Delhi’s air quality index on Friday was recorded at 499 – categorised as “severe” by the System of Air Quality and Weather Forecasting and Research, or Safar.

The national capital remained engulfed in smog, leading to a drop in visibility. “Visibility was around 600-800 metres till 12 noon,” RK Jenamani, senior scientist at India Meteorological Department, told ANI. “Visibility to remain poor for the next three days in Delhi.”

On Friday, 4,000 farm fires accounted for 35% of Delhi’s air pollution, NDTV reported.

An order by Prashant Gargava, the chairperson of the sub-committee on the Graded Response Action Plan, advised people to limit outdoor activities and minimise exposure, The Indian Express reported. It also urged government and private offices and other establishments to reduce vehicle usage by at least 30%.

The order also directed state governments to be prepared to implement measures under the “emergency” category as per the graded plan. These measures include stopping construction activities, rolling out the odd-even scheme for private vehicles and stopping the entry of trucks into Delhi apart from the ones carrying essential items.

Meanwhile, a report from Centre for Science and Environment released on Thursday showed that emission from vehicles is the biggest contributor to particulate pollution in Delhi among local sources.

Particulate matter refers to inhalable particles in the air. PM2.5, or particulate matter smaller than 2.5 microns, is particularly dangerous to human health. Such particles are small enough to travel deep into the respiratory system, potentially impairing lung function.

The Centre for Science and Environment analysed real-time data from the Indian Institute of Tropical Meteorology’s Decision Support System.

The Decision Support System models relative contribution of various sources that pollute Delhi’s air based on an emissions inventory prepared by the Energy and Resources Institute, or TERI, for the national capital and its surrounding 19 districts. However, this system does not take into account transient sources of pollution like firecrackers. The system was put in place on October 19.

The Centre for Science and Environment analysed data for every alternate hour from October 24 to November 8 period. Delhi’s pollution gets worse in October and November because of farmers burning stubble in neighbouring states, unfavourable wind speed and emission of fumes by the local traffic in the city.

“This [the analysis] shows vehicles’ contribution [to pollution] is half or more,” the think tank said. “This is followed by household pollution that has ranged between 12.5- 13.5 per cent, industry – 9.9-13.7 per cent, construction – 6.7-7.9 per cent, waste burning and road dust each varied between 4.6-4.9 per cent and 3.6-4.1 per cent respectively.”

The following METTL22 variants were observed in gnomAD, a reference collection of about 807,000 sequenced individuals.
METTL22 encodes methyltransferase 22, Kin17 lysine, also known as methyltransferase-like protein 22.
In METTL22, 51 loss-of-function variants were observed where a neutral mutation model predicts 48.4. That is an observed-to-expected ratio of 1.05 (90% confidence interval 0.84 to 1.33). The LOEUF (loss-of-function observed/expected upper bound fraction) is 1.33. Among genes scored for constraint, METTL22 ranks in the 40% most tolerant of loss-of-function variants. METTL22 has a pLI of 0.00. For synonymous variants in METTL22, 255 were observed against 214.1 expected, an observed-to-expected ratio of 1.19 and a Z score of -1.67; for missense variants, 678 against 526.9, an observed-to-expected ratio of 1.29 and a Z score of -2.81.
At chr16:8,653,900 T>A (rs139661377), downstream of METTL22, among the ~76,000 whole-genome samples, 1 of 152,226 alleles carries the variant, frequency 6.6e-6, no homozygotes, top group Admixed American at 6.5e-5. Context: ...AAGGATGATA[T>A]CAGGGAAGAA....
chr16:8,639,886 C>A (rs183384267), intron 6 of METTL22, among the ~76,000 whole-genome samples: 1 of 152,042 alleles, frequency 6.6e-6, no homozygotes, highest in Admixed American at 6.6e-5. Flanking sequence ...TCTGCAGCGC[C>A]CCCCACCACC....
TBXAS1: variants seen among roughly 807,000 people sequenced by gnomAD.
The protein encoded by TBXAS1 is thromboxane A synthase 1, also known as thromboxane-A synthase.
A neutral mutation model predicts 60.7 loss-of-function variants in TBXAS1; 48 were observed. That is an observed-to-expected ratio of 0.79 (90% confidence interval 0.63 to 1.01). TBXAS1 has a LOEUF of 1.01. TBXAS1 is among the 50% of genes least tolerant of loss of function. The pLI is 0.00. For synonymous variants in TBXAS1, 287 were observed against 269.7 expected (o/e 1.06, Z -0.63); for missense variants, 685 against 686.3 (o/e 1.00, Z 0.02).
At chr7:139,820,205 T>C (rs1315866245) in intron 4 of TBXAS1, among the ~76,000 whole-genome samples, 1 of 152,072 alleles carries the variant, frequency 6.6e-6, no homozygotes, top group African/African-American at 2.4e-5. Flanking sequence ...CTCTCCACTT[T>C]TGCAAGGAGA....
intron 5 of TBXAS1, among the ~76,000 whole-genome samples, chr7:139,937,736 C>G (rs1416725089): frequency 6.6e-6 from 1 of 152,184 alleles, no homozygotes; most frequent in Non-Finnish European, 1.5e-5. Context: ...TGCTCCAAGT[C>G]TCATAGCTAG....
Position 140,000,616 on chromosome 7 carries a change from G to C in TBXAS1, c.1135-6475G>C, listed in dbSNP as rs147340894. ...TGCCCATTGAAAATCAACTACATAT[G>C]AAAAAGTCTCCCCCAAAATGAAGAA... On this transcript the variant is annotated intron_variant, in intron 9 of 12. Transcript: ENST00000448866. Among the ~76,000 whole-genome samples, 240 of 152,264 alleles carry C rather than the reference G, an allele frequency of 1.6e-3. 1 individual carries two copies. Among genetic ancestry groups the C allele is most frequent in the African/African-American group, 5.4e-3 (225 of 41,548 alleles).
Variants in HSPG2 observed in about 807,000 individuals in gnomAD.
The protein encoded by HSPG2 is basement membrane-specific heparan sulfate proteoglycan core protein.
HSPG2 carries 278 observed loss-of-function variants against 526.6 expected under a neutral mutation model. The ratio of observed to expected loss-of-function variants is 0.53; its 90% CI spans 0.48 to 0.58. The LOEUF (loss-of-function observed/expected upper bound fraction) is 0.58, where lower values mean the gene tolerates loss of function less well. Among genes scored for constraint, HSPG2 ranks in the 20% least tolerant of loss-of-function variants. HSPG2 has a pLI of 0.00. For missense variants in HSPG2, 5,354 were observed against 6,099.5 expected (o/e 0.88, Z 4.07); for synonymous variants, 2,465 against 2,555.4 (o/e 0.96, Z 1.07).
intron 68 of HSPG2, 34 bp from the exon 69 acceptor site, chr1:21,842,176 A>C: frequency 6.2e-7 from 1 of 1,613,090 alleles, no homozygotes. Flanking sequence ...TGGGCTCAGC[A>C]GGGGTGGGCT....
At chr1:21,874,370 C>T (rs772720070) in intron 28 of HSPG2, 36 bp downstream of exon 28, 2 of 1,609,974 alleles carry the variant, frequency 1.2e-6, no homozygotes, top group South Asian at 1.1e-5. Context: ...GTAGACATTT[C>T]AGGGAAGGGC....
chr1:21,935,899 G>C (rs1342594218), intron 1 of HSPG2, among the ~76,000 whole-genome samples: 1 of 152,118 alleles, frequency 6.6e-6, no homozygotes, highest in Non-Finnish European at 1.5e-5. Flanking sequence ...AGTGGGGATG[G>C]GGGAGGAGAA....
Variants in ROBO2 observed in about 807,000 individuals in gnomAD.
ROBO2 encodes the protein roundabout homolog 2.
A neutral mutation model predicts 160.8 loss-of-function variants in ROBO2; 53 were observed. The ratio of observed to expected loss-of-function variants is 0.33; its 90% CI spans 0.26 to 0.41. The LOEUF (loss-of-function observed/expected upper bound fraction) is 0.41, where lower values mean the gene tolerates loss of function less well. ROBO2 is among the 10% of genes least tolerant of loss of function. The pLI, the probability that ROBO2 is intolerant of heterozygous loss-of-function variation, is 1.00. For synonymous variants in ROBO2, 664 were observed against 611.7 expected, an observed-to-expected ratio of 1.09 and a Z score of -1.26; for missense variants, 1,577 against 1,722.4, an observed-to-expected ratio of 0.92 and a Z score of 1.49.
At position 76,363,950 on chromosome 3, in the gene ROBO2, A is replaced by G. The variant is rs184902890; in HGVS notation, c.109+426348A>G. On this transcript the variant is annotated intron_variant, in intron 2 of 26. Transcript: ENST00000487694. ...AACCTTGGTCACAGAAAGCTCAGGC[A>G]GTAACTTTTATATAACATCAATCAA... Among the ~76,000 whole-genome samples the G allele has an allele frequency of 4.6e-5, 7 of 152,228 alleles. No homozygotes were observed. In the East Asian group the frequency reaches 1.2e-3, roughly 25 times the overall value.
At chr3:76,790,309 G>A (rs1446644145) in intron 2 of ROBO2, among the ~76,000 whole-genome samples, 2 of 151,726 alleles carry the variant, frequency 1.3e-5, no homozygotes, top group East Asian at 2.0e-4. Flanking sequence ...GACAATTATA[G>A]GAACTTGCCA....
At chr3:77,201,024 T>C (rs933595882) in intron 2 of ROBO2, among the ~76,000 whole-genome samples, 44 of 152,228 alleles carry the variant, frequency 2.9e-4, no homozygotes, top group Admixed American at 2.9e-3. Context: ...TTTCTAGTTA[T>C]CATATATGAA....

Source: Centre for Science and Environment.

The Centre for Science and Environment report said that traffic peaks also affect the build-up of pollution in a day.

“While PM2.5 is influenced by several other factors, nitrogen dioxide is more closely related to traffic trends,” it said. “During the study period, NO2 levels show a strong correlation with congestion. The levels increase when traffic speeds go down.”

The Centre for Science and Environment also took into consideration the contribution of pollutants from 19 districts in the National Capital Region as well as biomass burning in neighbouring states.

“During November 2-6, the contribution of NCR dominated in the initial phase going upto 70-80 per cent, but its share declined during the smog episode post-Diwali when the relative contribution of Delhi’s own sources increased,” it said. “Similarly, the contribution of biomass burning from other states remained low in the initial pre-Diwali phase but peaked post Diwali.”

The Centre for Science and Environment said that Delhi needs to take quick action to tackle all the main sources of pollution.

“It requires urgent action to scale up integrated public transport systems, walking and cycling infrastructure, and city-wide parking area management plans to restrain vehicle use,” the think tank said. “In absence of this reform, Delhi is unable to enforce emergency action to control traffic volumes during smog episodes.”

Congress blames AAP, BJP for worsening pollution

The Congress on Friday criticised the Bharatiya Janata Party and the Delhi’s Aam Aadmi Party government for their alleged incompetence in managing the air pollution in the Capital.

“The capital of the country is not only in the grips of speechwriters and advertisements but also in the grips of pollution,” the Congress said in a tweet. “The capital of the country is suffocating – responsible for this is the BJP and the advertising campaigner AAP. BJP-AAP should quit making counter-accusations and allegations, and instead should find a solution.”

Bharatiya Janata Party spokesperson Tom Vadakkan blamed the Aam Aadmi Party for the rising pollution levels, the Hindustan Times reported. “The problem is that they [Aam Aadmi Party] are not a proactive government, they are a pro-publicity government,” Vadakkan said. “AAP only does publicity stunts like giving free water and electricity. They can blame Haryana and Punjab for the pollution, but the truth is that they do not want to take responsibility for their city.”

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